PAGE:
What Are Digital Assets and Why Are They Relevant To Your Estate

What is Estate Planning

Estate planning is the process of providing assets to the next generation, ensuring beneficiaries are protected and tax implications and expenses are minimized or reduced.   A common tool used to plan an estate is a Will and Ian Burroughs, Partner at Kerfoot Burroughs LLP, earlier highlighted the top 10 reasons to have a Will – see here.

Digital Assets

It is safe to say most people today engage in the digital world and it is important to put your mind to what will happen to these assets when you pass away.  Digital assets can have financial, personal and reputational implications.  A Study conducted by McAfee in 2013 suggests Canadians value their digital assets at an average of more than $32,000.00 and the popularity of digital assets has increased since 2013.

In general, digital assets can be categorized as commercial assets, assets on devices or loyalty programs. Commercial assets are revenue-generating websites, online content where an individual gets paid to contribute to a website, and cryptocurrencies such as bitcoin.  Assets that can be found on devices are music, emails, photos, videos, social media accounts and games that can have significant monetary and sentimental value.  Thirdly, loyalty programs with stores, hotels or airlines can have substantial value.

Difference between Digital Assets and Traditional Assets

Digital assets are normally accessed through the internet or stored on a device such as a computer or smart phone.  Traditional assets are physical assets that one can touch and take hold of.  Due to the nature of the digital assets the following are some issues that can arise:

  1. Difficult to locate – Digital assets are much harder to locate than physical assets. Many people are going paperless, hence making it difficult for executors to ascertain the existence of thee asset.  Physical assets such as jewellery, artwork, vehicles and etcetera can easily be found.  However, assets online can be difficult to find and will require some online detective work from the executors.   Without a paper trail, it can be difficult to know whether the deceased subscribed to certain revenue generating websites, games that pay its subscribers or different email addresses.  An executor may consider hiring a computer forensic expert to ascertain which websites the deceased visited or accessed and what value there might be online.
  1. Access – The Deceased’s computer, smartphone or tablet may require a password to access it. Without the password, it will be difficult to gain access to the device.  Additionally, the same issue exists if the personal representative does not have the usernames and passwords to websites.  Secondly, if the personal representative does have the username and password for a website they may be in breach of the terms of service the deceased agreed to when signing up for the website or online service.   These terms of service are not negotiable and most users don’t read the terms of service.  Majority of people simply scroll to the end of the terms of service and click “I agree” and hence agree to legally binding terms that are enforceable in Canada.  Most websites will not provide the login information regardless of the individuals relationship to the deceased.  Therefore, emails, photographs and videos with great sentimental value can be lost if access is not considered when planning your estate.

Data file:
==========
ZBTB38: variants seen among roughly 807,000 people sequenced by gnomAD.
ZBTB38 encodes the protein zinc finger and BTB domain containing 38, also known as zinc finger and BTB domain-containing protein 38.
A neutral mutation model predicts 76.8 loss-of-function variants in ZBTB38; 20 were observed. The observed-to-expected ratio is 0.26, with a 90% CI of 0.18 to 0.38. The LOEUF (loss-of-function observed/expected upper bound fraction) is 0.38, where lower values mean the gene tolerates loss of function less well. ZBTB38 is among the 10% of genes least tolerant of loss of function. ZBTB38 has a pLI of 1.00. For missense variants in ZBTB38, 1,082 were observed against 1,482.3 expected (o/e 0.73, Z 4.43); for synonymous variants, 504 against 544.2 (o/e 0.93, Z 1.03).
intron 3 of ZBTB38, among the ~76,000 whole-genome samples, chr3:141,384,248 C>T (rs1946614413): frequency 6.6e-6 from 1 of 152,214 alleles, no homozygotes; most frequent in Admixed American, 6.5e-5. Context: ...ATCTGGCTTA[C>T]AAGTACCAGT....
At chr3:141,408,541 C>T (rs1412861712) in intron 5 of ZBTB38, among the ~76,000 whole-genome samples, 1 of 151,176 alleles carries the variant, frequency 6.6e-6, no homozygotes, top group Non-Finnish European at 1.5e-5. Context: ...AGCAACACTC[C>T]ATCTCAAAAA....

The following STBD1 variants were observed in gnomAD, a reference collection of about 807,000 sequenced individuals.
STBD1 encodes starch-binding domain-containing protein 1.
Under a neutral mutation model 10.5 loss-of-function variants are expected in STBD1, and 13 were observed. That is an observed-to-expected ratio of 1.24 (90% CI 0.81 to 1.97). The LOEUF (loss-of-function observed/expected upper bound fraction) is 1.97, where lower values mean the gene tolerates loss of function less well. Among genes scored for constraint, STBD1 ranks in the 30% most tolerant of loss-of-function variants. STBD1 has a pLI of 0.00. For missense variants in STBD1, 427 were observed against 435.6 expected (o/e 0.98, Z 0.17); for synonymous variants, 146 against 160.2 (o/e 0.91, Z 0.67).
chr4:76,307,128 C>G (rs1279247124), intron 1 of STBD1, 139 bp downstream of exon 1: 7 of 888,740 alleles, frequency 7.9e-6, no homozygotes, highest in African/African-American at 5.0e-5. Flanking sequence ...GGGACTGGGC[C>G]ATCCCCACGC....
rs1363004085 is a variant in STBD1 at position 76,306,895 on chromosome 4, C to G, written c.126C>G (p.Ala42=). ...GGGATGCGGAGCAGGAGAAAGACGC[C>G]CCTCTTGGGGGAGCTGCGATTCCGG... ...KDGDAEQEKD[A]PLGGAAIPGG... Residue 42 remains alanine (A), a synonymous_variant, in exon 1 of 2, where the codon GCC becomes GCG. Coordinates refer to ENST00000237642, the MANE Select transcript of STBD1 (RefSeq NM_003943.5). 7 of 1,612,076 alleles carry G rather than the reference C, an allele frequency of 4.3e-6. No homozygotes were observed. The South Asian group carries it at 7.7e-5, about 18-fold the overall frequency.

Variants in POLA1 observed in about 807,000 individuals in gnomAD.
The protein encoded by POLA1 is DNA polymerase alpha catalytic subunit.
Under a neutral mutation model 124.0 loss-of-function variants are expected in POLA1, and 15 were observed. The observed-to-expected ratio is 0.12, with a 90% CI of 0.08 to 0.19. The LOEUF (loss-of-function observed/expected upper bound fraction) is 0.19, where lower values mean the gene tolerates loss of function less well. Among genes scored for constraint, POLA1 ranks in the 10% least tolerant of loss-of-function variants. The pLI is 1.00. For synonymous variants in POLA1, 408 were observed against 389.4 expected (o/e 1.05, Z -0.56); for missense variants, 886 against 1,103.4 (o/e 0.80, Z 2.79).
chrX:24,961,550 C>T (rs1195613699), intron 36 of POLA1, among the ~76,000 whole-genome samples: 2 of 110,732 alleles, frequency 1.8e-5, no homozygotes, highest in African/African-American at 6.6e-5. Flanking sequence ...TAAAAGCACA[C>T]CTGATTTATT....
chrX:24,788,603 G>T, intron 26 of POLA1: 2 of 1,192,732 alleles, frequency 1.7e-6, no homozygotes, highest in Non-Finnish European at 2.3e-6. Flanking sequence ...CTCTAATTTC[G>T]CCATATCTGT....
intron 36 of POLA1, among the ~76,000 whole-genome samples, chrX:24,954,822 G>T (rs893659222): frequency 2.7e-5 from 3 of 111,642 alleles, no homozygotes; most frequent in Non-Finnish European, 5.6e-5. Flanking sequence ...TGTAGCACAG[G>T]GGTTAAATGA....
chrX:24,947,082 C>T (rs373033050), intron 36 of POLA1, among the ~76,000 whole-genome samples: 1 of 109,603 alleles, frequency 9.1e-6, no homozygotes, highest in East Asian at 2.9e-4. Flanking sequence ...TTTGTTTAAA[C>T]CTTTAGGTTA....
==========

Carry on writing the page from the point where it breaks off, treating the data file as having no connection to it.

1. Ownership – Many people do not realize that they do not actually own certain “assets” but rather have the right to access or use it. For example, e-books and music that are downloaded are not owned by the user, the user just has a licence to read the e-book or listen to the music.  The relevance here is that when one passes away they cannot have their e-book collection or music collection transferred to their beneficiaries.

A Facebook account is another example where the user only has a license.  The license here is to use the website and therefore a Facebook account cannot be transferred.   Facebook will either delete the account or memorialize it.  Once an account is memorialized, no one can sign into the account, no editing can be done to the account and it merely allows friends and family to post on the deceased’s profile page.

Planning for your Digital Assets

Planning for you Digital Assets means you will need to leave a detailed list of the assets, usernames and password information, and specific instructions on how to deal with the digital assets. A trustee needs to be instructed to destroy these items or to who they are to be passed on to.  For instance, do you want your children reading your emails or family reading your personal information.

Instructions for a trustee can be left in a Will or a Digital Asset Trust.  Details can be addressed in a Will; however, login information should not be included in the Will as the Will become a public document in the process of administering the estate.  The benefit of a Digital Asset Trust is that it would allow access to digital assets that are licences that expire at the date of death.

It is crucial to properly plan for your digital assets in addition to you physical assets so they do not become inaccessible.  Additionally, many online service providers are located in the United States or other jurisdictions which could result in large delays and cost if access is not provided to your Trustee.

We at Kerfoot Burroughs LLP are experienced in estate planning.  We can help guide you to make the key decisions that are important in ensuring your estate is properly planned.  If you currently have an estate plan and wish to review it or wish to establish an estate plan please contact Daleep Aujlay at 604-638-6935 or daleep.aujlay@kblawllp.com.

Our Team